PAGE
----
*Given Ripley’s own PTSD nightmares after her experiences with the xenomorphs, Cruz’s nightmares are nothing new, but could they be more than just the efforts of the character’s traumatized mind to process nightmarish memories? Dreams featured heavily in the mythos built during Dark Horse’s reign, with numerous humans being tormented with similar visions of the nightmarish creatures and, eventually, the reveal of a connection to the alien species’ ability to communicate telepathically, especially in regards to the Queen mother. It’ll be interesting to see if Cruz’s nightmares are merely the product of his encounter or something more sinister and possibly prophetic.
*The return of Bishop is sure to please many, even if it is just another android (or several) of the same model we met in director James Cameron’s sequel. It makes sense that there would be other “Bishop” androids in service, but it also does beg the question of how often humans see the same artificial face staring back at them on different artificial bodies. For example, given what is depicted in Aliens, can it be assumed that all Colonial Marine squads travel with a Bishop model? Perhaps time will tell.
*The double-page title/credit page is a nice touch and something that really helps to sell the cinematic nature of the series. (Marvel’s Star Wars comics have used a similar tactic to good effect.) While the brief description of the time frame of the series helps root it in the canonical timeline, this reviewer couldn’t help but notice that the events of both Alien and Aliens are referenced, while Alien 3 gets left out in the cold. Is this merely because the events on Fury 161 have been classified and buried by the Company? Can we still safely assume that Ellen Ripley gave her life attempting to end the species and keep it out of the hands of Weyland-Yutani? And, if this did occur, where did the specimens present on Epsilon Station originate?
*There’s been a lot of discussion of “the alpha” in the Alien fan communities ever since Johnson mentioned in an interview with SyFyWire that this new breed of monster “plays an important part in the xenomorph’s evolution.” Many have speculated that “the alpha” is the humanoid creature seen briefly in Cruz’s nightmare in this issue, while others have gone further, even theorizing that the creature could be Prometheus’ Elizabeth Shaw in some evolved form or a representation of Giger’s painting of a horned biomechanicial woman (inspired by the artist girlfriend, Li Tobler). If anyone out there has a theory about the identity of “the alpha” or the humanoid glimpsed in Cruz’s dream, please share your thoughts and predictions in the comments below.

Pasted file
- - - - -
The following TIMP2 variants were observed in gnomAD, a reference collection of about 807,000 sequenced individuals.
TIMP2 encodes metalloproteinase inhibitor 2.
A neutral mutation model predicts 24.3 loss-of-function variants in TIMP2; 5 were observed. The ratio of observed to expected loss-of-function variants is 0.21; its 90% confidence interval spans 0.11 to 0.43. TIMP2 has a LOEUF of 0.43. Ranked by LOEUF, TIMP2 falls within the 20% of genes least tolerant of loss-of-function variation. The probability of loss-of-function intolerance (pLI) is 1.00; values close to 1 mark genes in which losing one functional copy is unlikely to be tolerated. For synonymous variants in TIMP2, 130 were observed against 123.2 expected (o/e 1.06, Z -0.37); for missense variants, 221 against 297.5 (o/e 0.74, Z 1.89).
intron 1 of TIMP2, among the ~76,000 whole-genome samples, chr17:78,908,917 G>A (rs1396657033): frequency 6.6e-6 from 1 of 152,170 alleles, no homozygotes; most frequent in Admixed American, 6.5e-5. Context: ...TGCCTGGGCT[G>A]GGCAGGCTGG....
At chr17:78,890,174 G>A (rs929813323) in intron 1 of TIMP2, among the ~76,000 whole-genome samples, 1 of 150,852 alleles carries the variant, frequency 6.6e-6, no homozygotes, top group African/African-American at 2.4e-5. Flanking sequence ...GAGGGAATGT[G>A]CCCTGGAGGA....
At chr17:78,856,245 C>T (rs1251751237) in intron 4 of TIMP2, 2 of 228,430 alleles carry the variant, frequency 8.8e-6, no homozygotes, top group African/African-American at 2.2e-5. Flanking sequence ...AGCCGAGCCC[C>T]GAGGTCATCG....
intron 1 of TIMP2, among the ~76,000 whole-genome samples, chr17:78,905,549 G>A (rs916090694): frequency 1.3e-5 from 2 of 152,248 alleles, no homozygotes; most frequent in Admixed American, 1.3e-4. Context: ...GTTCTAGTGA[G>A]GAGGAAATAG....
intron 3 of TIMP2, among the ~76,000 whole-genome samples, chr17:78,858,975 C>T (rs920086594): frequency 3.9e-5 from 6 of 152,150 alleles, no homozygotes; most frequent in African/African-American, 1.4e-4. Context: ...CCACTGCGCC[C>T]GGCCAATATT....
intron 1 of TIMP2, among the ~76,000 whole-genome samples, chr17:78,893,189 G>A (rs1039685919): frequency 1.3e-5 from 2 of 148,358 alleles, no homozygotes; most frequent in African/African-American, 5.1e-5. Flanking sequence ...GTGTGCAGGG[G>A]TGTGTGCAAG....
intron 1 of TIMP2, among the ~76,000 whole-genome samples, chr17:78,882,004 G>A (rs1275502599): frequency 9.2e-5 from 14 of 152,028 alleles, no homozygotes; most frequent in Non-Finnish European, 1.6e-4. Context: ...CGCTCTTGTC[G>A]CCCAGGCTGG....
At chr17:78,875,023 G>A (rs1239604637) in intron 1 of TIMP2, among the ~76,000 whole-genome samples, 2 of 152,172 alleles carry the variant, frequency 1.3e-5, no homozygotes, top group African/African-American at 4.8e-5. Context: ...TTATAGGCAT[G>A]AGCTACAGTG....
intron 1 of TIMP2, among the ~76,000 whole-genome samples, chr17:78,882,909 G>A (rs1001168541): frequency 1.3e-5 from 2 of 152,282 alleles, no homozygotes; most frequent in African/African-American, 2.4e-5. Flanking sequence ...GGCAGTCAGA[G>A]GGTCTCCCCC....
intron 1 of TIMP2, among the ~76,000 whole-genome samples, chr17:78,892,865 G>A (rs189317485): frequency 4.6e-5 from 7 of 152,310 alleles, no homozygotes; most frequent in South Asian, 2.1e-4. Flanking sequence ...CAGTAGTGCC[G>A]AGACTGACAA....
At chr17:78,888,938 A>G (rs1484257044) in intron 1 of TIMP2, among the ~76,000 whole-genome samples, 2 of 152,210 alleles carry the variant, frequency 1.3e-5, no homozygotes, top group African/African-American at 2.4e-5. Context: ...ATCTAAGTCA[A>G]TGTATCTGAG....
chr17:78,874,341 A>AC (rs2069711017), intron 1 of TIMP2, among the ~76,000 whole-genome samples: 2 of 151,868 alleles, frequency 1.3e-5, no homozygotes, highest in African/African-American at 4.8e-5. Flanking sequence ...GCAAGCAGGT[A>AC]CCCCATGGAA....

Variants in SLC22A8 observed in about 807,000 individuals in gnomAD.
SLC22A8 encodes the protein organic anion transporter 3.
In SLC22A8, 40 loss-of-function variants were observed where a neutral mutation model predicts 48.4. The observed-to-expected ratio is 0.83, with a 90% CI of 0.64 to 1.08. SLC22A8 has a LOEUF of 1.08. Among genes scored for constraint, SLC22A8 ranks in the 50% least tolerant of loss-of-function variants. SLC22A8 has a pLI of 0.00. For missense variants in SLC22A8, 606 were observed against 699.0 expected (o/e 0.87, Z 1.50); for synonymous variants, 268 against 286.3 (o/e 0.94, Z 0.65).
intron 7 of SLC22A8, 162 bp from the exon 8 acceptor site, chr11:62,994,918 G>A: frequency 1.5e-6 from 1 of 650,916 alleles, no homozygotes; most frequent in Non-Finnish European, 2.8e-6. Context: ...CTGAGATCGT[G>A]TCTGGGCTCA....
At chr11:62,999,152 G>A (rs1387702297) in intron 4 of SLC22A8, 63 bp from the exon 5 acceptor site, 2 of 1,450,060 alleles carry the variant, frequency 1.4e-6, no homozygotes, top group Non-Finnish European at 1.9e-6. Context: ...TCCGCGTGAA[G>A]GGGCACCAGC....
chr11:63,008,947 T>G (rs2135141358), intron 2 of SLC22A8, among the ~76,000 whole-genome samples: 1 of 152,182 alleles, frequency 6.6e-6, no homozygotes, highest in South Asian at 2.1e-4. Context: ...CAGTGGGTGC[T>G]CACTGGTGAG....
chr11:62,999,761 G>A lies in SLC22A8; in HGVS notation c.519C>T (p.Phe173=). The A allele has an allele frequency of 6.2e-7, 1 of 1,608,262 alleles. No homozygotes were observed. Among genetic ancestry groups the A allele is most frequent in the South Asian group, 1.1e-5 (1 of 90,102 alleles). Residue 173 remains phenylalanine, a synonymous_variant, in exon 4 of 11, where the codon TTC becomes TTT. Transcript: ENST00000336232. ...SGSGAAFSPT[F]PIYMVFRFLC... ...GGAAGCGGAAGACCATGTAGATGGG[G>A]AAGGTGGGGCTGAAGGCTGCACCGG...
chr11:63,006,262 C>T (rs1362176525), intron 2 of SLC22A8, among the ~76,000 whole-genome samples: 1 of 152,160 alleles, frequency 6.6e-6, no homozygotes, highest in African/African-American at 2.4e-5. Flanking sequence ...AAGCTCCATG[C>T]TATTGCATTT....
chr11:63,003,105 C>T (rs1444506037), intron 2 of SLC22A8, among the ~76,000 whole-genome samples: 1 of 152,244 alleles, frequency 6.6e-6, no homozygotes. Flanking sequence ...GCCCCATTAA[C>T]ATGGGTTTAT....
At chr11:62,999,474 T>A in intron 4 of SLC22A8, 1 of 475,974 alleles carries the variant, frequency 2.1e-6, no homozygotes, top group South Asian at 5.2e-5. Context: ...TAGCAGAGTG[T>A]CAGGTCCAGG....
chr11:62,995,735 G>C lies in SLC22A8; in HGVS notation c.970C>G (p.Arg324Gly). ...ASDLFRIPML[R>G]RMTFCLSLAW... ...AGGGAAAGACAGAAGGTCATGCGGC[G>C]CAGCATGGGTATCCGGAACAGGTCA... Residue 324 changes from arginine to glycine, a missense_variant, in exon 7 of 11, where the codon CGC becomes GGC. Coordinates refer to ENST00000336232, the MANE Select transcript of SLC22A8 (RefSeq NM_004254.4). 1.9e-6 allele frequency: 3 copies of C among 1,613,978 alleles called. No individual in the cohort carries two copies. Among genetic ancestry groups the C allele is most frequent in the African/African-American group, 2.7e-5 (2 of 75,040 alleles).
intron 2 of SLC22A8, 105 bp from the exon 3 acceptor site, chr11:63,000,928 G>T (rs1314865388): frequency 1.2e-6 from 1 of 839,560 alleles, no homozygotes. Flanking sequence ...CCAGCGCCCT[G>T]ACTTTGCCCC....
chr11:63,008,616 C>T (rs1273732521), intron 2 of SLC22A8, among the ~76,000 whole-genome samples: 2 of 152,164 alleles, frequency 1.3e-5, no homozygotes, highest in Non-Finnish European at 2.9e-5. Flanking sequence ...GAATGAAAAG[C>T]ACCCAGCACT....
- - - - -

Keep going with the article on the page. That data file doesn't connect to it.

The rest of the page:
*During Cruz’s second flashback, a pair of approaching hooves are seen in close up as Cruz and his companions struggle against the alien cocoons restraining them against the walls for easy facehugger access. Unless we’re talking Kenner’s Bull Alien, these are some pretty unique feet in the Xenomorph world and beg the question of whether this is also “the alpha” we’re seeing or something else.
*While it’s not an enjoyable topic given the new start Marvel is attempting in regards to Alien comics, this reviewer would be remiss to not acknowledge the controversial claims that former Dark Horse Aliens artist Tristan Jones has made suggesting that specific Marvel artists are photoshopping in (or “swiping”) not only imagery of Alien NECA action figures, but some of Jones’ previous work featuring the creatures. While it doesn’t appear that series artist Larroca is guilty of such, a short Google search will reveal some pretty damning evidence regarding the origin of artist Greg Land’s cover for Marvel’s reprint of the previous Dark Horse Aliens comics. While this can’t be held against the creative team behind the premiere series, it does seem to be a problem that Marvel will have to (and frankly should) face at some point in regards to their shepherding of the Alien franchise in comic book form. Not hiring Jones for one of their Alien titles was a mistake, but looking the other way while Marvel artists rip off their predecessors would be a disaster.
FINAL VERDICT: All in all, we’re off to a solid start with Marvel’s Alien #1 with a creative team that seems to understand the complexities and layers built into the universe. Much like Scott’s original feature film, it might be hard to tell just what exactly is around the corner 20 minutes in, but the senses of gravitas and accumulating dread are aptly present and heralding good things to come. (For comic book readers, that is. It will surely be an utter nightmare for the characters of the comic.)
Furthermore, an Alien fan is not going to want to miss this historic moment in franchise history. Marvel’s Alien #1 is undeniably an evolution for the property and one of the hottest comic books currently on the shelves.
Creative Team: Phillip Kennedy Johnson (writer), Salvador Larroca (artist), Guru-eFX (color art), VC’s Clayton Cowles (letters), InHyuk Lee (cover)
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Also, don’t miss your chance to revisit Fanbase Press’ previous interviews with Alien writer Phillip Kennedy Johnson: